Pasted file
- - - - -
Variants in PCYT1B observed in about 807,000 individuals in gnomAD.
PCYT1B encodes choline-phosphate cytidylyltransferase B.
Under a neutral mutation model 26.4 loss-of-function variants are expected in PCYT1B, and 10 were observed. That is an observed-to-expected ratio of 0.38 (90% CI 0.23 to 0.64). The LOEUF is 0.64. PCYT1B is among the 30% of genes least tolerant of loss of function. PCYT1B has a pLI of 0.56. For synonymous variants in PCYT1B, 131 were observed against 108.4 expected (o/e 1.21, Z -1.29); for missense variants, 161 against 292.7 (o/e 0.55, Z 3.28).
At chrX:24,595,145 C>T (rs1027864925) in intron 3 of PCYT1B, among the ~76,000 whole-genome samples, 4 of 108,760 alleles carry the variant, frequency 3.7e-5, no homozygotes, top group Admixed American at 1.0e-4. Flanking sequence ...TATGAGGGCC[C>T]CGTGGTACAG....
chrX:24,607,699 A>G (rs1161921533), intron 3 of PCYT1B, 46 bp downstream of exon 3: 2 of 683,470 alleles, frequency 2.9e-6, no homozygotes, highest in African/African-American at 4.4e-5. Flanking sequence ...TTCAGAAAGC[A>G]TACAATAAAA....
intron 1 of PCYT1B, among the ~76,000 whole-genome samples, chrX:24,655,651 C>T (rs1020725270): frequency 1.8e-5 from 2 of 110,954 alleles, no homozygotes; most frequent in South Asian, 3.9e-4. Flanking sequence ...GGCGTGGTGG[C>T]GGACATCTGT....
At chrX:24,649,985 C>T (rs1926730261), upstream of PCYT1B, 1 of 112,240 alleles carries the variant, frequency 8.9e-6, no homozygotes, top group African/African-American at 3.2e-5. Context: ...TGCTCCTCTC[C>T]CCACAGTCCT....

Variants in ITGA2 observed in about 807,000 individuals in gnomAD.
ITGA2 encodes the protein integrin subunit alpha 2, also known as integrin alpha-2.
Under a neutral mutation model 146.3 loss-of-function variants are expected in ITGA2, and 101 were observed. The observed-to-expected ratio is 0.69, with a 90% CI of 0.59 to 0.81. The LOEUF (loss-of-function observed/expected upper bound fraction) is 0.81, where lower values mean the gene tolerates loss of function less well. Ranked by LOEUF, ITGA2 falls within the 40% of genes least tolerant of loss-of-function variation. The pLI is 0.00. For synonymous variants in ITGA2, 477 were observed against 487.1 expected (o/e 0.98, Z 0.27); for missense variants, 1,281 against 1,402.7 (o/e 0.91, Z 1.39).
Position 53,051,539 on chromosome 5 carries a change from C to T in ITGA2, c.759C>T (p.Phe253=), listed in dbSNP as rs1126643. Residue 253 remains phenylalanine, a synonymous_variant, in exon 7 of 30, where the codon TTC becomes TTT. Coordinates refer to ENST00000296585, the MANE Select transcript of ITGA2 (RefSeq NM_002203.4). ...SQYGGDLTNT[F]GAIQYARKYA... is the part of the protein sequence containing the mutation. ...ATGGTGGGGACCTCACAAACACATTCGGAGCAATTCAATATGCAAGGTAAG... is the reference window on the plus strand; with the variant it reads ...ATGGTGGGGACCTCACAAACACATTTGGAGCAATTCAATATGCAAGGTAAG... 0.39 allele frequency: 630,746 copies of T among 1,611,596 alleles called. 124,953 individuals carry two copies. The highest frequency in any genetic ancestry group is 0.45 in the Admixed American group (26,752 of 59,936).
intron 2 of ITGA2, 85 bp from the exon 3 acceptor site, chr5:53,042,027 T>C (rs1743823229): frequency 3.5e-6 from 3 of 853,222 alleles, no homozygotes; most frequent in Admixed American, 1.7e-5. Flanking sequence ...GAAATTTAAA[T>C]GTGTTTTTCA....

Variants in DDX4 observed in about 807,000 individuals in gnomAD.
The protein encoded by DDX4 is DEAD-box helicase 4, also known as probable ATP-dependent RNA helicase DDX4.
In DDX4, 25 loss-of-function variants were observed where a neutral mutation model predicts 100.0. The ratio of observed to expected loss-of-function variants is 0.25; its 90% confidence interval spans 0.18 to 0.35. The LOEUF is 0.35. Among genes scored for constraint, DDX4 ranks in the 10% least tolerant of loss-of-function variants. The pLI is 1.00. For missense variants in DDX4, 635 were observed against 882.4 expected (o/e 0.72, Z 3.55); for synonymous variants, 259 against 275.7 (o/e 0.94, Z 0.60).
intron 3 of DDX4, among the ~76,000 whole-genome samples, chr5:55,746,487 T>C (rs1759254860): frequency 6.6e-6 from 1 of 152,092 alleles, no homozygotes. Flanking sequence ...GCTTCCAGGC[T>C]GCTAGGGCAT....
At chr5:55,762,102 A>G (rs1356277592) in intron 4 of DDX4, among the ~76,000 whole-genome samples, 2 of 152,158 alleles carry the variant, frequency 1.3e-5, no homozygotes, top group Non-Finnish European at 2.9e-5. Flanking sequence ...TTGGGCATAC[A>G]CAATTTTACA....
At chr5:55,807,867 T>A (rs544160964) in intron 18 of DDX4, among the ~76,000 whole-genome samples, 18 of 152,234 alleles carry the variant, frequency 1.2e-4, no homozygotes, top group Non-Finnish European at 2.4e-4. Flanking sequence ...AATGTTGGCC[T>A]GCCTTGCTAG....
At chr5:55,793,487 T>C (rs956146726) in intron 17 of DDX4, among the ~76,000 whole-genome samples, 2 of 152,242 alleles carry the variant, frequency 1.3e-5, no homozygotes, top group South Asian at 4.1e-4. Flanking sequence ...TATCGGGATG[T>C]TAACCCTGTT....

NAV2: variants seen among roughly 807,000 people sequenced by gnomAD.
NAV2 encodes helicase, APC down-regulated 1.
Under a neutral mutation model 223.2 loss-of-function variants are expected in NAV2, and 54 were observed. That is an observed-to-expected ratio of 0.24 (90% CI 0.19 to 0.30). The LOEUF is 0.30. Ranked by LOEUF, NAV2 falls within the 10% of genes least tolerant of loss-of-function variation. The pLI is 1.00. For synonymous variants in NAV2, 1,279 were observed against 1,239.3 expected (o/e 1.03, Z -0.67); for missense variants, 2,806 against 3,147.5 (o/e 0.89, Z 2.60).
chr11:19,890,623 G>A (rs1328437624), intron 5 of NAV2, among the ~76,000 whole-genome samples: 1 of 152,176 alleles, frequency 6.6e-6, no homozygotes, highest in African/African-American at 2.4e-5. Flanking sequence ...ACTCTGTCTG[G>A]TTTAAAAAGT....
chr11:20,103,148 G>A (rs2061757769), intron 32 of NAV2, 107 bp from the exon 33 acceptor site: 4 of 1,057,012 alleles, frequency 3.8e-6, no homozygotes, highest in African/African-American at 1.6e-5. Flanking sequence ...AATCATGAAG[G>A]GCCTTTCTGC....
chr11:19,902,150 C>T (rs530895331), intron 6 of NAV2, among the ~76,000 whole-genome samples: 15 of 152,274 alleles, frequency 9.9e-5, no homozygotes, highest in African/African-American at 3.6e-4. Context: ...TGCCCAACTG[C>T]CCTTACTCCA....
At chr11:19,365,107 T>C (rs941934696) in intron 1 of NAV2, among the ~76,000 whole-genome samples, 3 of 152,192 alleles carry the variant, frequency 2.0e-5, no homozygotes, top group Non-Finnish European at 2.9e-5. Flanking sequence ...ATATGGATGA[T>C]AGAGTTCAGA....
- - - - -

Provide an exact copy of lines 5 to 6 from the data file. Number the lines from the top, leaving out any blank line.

chrX:24,607,699 A>G (rs1161921533), intron 3 of PCYT1B, 46 bp downstream of exon 3: 2 of 683,470 alleles, frequency 2.9e-6, no homozygotes, highest in African/African-American at 4.4e-5. Flanking sequence ...TTCAGAAAGC[A>G]TACAATAAAA....
intron 1 of PCYT1B, among the ~76,000 whole-genome samples, chrX:24,655,651 C>T (rs1020725270): frequency 1.8e-5 from 2 of 110,954 alleles, no homozygotes; most frequent in South Asian, 3.9e-4. Flanking sequence ...GGCGTGGTGG[C>T]GGACATCTGT....